Tem xar ibaddleim tuvem
Faravya rayacem.
Voikunttachem zhadd tum ge,
Foll am’rutachem;
Jivit rakhleim tuvem
Mon’xeakullacem. [Gomes 11-12.]
Santa Khursa,
Mornnachya tum polonga,
Ami somest loku,
Nomoskar kortanv tuka. [Gomes 12.]
“But they do not seem to have any religious sanction behind them and are not normally sung within the precincts of a church or a chapel.” [Gomes 13.]

Some other points gathered from Olivinho Gomes:

The earliest script in which Konkani is written is Kandvi – akin to but different from the Kannada of its onetime rulers. [Gomes xv.]

First European traveler to Goa, after its conquest by the Portuguese, is Tome Pires, himself Portuguese. Pires made notes of his travels in the East (1512-15). He indicates Konkani as quite distinct from Deccani or Marathi north of the Kharepattan river, and Kannada on the east and south. [Gomes 1-2.]

The King of Portugal present a printing press to Matheus, envoy of Ethiopia, “to be delivered to its famous Prester John, the / legendary Christian king in the East, with whom the Portuguese wished to establish contact as an ally in their political and religious designs in the region”. [2-3.] This press landed in Goa, as was the custom for all things destined for other areas, and from there was dispatched to the king through the Red Sea route. [[remember that there was no Suez Canal!]] The ship was caught in a storm and had to return to Goa. It was then thought that this was God’s will, and was installed in Goa, in September 1556. In the College of St Paul, just taken over by the Jesuits and named from the Seminary of the Holy Faith started by the Francicans Miguel Vaz and Diogo de Borba. Its first printer, a Spaniard called Juan Bustamente. Started operations in the Roamn script for which he had the fonts and types ready. [Gomes 2-3.]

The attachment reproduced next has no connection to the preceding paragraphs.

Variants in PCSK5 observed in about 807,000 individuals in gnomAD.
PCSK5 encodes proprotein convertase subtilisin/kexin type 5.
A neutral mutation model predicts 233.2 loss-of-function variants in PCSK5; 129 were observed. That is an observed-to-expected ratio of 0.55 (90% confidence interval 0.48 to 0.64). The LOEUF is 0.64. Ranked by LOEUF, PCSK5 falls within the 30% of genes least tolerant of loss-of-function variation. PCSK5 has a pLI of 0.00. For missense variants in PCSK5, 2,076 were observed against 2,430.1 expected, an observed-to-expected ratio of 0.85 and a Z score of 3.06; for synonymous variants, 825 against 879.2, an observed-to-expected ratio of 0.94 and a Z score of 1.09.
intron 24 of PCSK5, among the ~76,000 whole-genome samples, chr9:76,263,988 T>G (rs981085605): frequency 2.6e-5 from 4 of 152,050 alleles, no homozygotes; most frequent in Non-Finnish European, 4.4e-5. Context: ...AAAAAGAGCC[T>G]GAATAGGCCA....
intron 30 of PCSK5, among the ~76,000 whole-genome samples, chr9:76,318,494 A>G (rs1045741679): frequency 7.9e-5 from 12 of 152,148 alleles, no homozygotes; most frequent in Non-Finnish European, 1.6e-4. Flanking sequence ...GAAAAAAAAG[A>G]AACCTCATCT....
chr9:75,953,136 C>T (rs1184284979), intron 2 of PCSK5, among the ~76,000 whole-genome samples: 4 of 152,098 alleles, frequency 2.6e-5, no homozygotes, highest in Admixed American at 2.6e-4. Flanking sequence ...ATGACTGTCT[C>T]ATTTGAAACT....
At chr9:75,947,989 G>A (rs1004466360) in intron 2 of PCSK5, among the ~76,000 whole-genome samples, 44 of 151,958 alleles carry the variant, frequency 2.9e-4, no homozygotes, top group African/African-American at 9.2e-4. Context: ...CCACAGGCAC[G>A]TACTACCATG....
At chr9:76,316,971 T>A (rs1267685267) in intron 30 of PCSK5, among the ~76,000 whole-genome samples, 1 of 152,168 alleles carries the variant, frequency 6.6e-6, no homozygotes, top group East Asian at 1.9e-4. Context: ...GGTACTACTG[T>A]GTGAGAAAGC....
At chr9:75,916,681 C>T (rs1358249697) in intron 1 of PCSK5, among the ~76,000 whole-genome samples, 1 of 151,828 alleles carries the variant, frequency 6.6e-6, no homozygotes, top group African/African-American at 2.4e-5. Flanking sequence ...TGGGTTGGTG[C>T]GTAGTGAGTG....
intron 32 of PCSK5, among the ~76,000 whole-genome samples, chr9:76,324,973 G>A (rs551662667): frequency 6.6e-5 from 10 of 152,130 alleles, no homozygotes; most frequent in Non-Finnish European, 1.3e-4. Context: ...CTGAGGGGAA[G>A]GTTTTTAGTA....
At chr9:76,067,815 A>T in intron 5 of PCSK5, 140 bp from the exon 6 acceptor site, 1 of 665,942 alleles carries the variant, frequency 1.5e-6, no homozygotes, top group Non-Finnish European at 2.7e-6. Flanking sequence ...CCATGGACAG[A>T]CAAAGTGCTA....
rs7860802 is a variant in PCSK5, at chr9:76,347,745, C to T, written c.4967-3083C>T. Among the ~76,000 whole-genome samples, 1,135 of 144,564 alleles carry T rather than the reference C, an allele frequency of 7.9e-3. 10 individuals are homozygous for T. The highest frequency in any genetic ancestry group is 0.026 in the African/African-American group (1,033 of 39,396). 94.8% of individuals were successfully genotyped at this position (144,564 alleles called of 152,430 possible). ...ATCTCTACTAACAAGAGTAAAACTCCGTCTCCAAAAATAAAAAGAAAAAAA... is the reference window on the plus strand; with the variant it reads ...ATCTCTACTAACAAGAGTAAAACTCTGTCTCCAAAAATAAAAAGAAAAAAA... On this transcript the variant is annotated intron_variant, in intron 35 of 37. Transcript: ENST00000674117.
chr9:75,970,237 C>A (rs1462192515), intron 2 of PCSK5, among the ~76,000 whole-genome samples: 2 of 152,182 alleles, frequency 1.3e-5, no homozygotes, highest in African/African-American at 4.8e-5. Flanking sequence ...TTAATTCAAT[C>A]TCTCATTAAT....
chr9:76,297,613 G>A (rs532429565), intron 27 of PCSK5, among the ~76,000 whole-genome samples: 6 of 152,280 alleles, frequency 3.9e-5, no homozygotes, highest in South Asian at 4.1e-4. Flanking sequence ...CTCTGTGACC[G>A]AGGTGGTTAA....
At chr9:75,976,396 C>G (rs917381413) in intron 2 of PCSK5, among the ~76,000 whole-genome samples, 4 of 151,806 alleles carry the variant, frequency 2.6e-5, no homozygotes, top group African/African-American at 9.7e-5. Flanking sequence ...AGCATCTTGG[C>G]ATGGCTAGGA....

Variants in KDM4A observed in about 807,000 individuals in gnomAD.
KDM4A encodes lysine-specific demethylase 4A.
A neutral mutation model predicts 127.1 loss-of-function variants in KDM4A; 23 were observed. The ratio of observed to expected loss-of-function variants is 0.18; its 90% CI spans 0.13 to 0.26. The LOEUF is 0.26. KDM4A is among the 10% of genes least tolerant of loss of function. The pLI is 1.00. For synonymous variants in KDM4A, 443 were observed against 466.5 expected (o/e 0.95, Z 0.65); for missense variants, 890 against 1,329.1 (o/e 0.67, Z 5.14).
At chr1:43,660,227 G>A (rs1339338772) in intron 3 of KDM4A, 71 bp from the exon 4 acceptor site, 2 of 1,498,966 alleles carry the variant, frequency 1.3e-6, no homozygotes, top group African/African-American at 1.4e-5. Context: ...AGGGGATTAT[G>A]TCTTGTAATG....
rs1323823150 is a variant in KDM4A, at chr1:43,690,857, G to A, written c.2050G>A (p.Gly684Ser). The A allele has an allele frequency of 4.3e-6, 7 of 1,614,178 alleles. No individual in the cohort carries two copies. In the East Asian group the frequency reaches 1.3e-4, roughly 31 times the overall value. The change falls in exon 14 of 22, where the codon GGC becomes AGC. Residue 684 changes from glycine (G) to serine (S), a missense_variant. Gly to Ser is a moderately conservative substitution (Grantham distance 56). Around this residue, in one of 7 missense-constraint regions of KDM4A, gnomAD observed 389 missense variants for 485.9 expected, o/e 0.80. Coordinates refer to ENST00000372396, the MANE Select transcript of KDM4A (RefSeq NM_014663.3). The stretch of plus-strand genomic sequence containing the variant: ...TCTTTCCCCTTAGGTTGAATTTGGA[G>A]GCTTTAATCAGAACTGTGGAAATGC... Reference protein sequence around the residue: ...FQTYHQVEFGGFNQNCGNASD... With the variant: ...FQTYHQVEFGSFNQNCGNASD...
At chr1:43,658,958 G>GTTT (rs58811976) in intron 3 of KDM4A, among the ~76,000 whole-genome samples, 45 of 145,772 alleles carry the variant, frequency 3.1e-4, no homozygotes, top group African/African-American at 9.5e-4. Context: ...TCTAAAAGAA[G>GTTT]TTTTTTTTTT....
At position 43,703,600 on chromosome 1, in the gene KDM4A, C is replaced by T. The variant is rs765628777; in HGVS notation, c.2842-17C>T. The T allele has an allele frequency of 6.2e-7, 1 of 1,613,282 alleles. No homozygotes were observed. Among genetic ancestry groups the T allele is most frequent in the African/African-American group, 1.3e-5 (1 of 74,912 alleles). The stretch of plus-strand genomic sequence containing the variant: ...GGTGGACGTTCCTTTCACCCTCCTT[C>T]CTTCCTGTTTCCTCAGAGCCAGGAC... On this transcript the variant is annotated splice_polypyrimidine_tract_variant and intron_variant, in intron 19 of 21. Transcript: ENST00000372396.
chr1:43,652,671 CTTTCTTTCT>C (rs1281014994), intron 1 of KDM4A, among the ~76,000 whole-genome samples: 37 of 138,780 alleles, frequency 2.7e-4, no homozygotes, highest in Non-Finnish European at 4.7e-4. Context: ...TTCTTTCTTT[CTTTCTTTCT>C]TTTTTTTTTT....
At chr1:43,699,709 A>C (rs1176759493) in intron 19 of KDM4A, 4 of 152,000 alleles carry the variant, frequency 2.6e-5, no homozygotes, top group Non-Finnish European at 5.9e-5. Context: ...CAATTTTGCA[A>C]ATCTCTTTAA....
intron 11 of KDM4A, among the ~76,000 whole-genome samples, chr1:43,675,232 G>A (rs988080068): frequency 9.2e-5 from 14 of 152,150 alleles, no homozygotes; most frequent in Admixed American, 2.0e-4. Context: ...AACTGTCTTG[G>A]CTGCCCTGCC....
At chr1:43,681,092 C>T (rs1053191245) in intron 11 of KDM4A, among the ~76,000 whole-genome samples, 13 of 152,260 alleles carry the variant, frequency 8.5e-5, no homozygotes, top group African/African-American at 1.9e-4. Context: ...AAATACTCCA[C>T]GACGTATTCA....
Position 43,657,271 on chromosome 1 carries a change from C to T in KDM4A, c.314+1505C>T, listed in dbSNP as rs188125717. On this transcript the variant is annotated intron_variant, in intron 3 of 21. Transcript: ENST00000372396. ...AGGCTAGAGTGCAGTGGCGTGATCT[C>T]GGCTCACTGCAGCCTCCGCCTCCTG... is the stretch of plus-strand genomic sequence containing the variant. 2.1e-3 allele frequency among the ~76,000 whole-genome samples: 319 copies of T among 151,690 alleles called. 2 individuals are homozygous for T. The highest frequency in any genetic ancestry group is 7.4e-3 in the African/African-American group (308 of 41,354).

First books: Francisco Cabral, Conclusoes de Logica, 1556. Manuel Teixeira, Conclusoes de Filosofia, 1556. [Gomes 3.]

Third: Andre Vaz [probably], Doutrina Christam [in Konkani, Roman script]. Vaz was a senior Goan seminarian, a Ksatriya / Chaddhi / Chardo ‘gaunkar’ from Kormbolli (Carambolim), later the first Goan Catholic priest, ordained in 1558. Based on the popular catechism of Marcos Jorge, then popular in Europe and known to the clergy in Goa. Adapted to the needs of his Goan parishioners. [3-4.] This is the first printed book in any language in India, and that in Konkani. [4.] So popular that it was reprinted in 1560, “as reported in the chronicles of the period.” Unfortunately no copy has survived “the fierce onslaught on these religious Orders that was decreed by several Portuguese governments, notably in 1758 on the Jesuits and later on all other religious Orders in J.A. Aguiar’s infamous mata-frades (priests’-killer) decree of 1834, and the sheer neglect and indifference that it was subjected to by later generations of the missionaries and apathy from its own people oppressed by a self-depression.” [Gomes 4.]

Andre Vaz was also credited with the first draft grammar of Konkani, on the basis of which he taught the foreign priests. [Gomes 4.]

1 comment:

  1. Interesting reading just after the write up on Dalit Christians and their plight by Rowena Robinson, the niece of George Soares Prabhu.

    The claim needs to be revived, substantiated and brought to limelight.